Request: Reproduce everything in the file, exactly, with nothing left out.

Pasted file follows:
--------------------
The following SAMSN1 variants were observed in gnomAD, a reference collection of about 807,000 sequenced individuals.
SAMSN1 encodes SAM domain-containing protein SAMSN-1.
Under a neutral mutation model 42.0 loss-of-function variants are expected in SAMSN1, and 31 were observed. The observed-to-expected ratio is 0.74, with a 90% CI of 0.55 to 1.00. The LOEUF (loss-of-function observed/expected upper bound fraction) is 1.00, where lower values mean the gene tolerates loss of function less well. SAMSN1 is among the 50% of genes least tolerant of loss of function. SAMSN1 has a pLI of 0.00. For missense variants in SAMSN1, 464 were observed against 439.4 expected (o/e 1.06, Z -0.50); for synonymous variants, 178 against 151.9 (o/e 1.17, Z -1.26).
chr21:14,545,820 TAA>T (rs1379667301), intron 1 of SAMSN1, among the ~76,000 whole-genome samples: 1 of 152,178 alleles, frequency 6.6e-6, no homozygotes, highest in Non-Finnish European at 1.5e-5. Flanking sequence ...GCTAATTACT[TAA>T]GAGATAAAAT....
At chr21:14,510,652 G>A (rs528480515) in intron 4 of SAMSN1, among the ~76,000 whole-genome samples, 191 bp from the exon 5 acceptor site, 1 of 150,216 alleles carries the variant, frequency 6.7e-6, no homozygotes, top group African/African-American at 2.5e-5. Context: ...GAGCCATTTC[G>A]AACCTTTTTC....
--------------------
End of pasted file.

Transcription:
The following SAMSN1 variants were observed in gnomAD, a reference collection of about 807,000 sequenced individuals.
SAMSN1 encodes SAM domain-containing protein SAMSN-1.
Under a neutral mutation model 42.0 loss-of-function variants are expected in SAMSN1, and 31 were observed. The observed-to-expected ratio is 0.74, with a 90% CI of 0.55 to 1.00. The LOEUF (loss-of-function observed/expected upper bound fraction) is 1.00, where lower values mean the gene tolerates loss of function less well. SAMSN1 is among the 50% of genes least tolerant of loss of function. SAMSN1 has a pLI of 0.00. For missense variants in SAMSN1, 464 were observed against 439.4 expected (o/e 1.06, Z -0.50); for synonymous variants, 178 against 151.9 (o/e 1.17, Z -1.26).
chr21:14,545,820 TAA>T (rs1379667301), intron 1 of SAMSN1, among the ~76,000 whole-genome samples: 1 of 152,178 alleles, frequency 6.6e-6, no homozygotes, highest in Non-Finnish European at 1.5e-5. Flanking sequence ...GCTAATTACT[TAA>T]GAGATAAAAT....
At chr21:14,510,652 G>A (rs528480515) in intron 4 of SAMSN1, among the ~76,000 whole-genome samples, 191 bp from the exon 5 acceptor site, 1 of 150,216 alleles carries the variant, frequency 6.7e-6, no homozygotes, top group African/African-American at 2.5e-5. Context: ...GAGCCATTTC[G>A]AACCTTTTTC....